Different people have different views on what emergence is, particularly with regard to the second characteristic. “Difficult to predict” is sometimes replaced with “impossible”, “almost impossible”, or “extremely difficult”, or “possible in principle, but impossible in practice.” After an emergent property has been observed sometimes it can be understood in terms of the properties of the parts. An example is the BCS theory of superconductivity. This is a posteriori, rather than a priori, understanding. A key word in my statement is “solely”.

Examples of properties of a system that are not emergent are volume, mass, charge, and number of atoms. These are additive properties.

Associated with emergent properties are also unique entities, concepts, theories, and organizing principles.

What do you think?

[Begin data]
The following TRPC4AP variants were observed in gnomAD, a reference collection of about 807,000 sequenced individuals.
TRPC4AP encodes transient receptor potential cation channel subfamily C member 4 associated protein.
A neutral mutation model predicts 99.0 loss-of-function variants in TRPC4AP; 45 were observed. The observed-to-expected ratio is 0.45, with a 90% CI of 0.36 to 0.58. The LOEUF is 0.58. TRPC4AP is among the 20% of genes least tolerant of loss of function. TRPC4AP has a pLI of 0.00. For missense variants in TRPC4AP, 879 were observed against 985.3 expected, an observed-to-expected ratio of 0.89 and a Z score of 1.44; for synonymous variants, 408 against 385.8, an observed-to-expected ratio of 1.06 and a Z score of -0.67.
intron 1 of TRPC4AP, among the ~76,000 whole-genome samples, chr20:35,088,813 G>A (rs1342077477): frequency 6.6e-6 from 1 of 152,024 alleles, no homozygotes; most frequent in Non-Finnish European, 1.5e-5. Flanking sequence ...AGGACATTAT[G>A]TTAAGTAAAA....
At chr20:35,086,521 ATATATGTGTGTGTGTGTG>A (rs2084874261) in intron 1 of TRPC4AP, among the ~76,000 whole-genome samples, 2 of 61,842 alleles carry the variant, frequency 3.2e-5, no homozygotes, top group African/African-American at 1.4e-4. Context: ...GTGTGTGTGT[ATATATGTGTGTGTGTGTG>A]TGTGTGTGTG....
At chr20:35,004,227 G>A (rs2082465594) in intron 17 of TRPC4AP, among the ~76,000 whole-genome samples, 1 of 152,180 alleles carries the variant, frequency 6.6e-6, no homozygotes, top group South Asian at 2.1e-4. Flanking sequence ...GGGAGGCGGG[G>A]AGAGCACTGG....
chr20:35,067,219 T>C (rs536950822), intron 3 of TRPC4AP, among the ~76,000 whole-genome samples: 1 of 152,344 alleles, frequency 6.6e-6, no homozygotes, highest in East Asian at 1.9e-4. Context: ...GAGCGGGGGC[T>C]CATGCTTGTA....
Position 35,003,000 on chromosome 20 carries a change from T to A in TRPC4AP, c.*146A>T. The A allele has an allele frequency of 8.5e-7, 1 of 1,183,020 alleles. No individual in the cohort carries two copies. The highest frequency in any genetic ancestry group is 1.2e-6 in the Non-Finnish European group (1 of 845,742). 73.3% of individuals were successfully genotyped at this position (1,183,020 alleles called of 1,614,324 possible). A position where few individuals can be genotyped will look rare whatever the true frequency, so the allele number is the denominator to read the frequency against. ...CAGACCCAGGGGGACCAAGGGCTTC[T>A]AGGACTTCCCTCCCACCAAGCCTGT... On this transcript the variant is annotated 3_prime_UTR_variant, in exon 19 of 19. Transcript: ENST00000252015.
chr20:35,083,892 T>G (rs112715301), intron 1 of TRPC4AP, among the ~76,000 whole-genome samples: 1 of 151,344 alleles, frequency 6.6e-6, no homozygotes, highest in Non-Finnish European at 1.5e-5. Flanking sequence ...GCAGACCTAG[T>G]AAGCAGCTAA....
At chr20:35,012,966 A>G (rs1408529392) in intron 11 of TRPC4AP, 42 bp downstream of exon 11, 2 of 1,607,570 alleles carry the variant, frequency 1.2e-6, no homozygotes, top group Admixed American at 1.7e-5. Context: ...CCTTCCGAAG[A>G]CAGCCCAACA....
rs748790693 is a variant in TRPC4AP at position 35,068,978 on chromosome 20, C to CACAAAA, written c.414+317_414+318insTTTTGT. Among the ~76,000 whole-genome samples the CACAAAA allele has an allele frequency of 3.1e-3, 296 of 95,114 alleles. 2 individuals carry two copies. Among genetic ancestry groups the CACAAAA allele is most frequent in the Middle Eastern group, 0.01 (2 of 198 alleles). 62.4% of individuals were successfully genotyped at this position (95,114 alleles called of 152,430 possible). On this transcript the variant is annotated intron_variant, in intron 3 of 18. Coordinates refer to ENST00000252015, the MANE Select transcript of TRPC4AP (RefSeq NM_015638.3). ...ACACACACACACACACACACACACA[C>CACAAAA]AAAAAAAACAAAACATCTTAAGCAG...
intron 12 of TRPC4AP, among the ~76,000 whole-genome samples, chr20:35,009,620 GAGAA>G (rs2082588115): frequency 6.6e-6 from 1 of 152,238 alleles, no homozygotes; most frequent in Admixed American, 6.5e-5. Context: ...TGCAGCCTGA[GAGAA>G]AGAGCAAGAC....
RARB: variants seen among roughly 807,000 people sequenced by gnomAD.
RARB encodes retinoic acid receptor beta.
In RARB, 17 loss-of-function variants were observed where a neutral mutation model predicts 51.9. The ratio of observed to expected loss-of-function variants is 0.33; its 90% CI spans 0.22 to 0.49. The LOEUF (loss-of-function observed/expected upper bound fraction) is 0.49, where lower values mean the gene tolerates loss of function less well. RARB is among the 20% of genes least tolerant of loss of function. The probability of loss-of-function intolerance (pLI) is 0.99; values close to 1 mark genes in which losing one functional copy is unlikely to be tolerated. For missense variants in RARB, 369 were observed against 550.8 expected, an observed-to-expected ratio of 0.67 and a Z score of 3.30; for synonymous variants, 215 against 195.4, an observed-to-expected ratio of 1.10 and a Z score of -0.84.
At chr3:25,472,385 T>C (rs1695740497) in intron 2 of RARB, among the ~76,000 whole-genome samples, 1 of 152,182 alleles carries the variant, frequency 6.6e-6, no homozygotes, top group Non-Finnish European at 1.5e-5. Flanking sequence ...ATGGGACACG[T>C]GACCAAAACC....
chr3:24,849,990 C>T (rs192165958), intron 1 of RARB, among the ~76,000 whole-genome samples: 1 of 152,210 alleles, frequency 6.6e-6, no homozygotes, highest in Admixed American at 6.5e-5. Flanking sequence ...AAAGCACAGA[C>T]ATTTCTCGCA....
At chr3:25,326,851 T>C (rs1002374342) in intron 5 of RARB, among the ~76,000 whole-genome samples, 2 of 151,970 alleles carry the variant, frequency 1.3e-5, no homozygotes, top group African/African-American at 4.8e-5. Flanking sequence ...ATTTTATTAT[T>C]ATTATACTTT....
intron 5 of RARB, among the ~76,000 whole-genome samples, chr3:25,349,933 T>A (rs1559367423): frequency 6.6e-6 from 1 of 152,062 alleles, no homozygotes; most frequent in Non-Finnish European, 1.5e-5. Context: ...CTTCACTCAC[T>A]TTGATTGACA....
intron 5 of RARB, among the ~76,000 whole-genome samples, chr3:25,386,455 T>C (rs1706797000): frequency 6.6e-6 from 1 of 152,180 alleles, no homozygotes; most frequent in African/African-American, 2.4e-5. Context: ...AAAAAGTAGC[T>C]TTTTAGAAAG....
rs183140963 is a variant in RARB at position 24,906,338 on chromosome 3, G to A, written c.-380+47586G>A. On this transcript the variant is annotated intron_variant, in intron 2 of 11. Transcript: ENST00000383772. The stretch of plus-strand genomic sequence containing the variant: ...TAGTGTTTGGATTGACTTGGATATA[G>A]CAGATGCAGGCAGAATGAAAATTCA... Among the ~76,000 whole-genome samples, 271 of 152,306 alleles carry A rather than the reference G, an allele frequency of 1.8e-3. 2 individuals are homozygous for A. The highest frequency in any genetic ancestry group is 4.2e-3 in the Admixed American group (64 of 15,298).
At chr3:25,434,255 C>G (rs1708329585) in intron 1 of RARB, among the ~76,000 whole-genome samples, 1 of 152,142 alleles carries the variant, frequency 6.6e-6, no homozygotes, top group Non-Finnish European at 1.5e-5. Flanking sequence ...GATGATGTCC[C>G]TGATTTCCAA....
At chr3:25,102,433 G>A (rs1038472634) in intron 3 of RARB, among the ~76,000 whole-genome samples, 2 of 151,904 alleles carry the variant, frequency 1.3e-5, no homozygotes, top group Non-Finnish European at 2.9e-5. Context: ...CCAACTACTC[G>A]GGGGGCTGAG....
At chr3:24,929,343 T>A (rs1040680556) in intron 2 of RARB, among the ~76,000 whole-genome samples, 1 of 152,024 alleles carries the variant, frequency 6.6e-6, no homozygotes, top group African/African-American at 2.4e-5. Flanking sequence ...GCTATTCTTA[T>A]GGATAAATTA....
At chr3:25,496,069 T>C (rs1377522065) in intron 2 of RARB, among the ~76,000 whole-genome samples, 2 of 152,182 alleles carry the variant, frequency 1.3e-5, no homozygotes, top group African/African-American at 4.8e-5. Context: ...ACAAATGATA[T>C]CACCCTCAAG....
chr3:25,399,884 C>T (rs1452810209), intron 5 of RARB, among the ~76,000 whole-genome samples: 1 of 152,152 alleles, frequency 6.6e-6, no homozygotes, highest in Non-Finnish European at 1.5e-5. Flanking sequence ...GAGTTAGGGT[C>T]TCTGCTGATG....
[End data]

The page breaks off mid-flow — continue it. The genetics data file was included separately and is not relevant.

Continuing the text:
The text above is taken from my first draft of Chapter 9: Emergence: More is Different for Condensed Physics: A Very Short Introduction. I posted it earlier, asking for feedback, but did not receive any. Since it is such a central chapter please do send some feedback, even if brief.

Thursday, February 11, 2021

Desperately seeking tantalum

The road from materials research to commercial technology is a complex and tortuous one. It is not just a matter of what is physically possible. There are rigorous criteria that must be met along the way: financially competitive, mass production, reliability, durability, non-toxicity, ...

The materials needed don't just have to be available, cheap enough, and sufficiently abundant. One also needs supply chains that are not only reliable but also ethical.